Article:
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When I Have You
In October, when the bites of leaves against our boot soles fill the air,
You will walk me home,
Our arms linked instead of hands grasped,
You’ll let me borrow your hat,
And a degree or two of your restful warmth.
In October, when the days are short and time is always running out,
We’ll split your pair of gloves:
One on my right hand and one on your left,
So that we can keep each other close in the spraying breeze.
The cold will seem less abrasive, somehow.
In October, when rusty hued corn husks accessorize the world,
I’ll take you on an adventure.
In a tangled field we’ll misplace ourselves,
Among the stalks looming over our woolen pom-pom peaked hats,
And in each other.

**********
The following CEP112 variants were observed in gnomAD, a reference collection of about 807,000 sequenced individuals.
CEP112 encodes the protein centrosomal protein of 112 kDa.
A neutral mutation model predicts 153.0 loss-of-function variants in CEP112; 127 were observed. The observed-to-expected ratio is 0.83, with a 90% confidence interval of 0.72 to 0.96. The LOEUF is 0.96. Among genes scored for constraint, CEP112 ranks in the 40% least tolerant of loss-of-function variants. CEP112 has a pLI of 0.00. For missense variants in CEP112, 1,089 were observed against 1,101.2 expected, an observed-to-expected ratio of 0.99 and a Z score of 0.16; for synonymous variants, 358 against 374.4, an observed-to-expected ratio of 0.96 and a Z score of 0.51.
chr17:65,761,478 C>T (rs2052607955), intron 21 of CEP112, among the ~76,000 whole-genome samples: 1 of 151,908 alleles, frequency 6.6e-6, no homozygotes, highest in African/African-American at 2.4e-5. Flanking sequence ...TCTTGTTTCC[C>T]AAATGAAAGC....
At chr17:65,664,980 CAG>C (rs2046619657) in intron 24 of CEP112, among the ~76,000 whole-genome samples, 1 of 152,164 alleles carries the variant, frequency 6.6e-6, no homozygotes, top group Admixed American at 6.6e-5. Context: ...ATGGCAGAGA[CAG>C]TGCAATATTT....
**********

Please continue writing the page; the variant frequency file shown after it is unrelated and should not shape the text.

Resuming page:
In October, when I want to tangle myself up in you,
I’ll borrow so many of your warm layers,
That I’ll forget which clothes were yours and you will, too.
I’ll search through the aisles at the corner store for your fabric softener,
Determined not to wash anything until I can be sure it’ll smell like you again.
In October, when we snuggle up under unnecessary blankets,
We’ll sip at too-hot hot cocoa and burn our tongues,
Until they’ve lost feeling and the chocolate thins.
The marshmallows will melt to slimy globs of white,
And ooze down our throats, coating them in a preemptive snow.
In October, I’ll have you.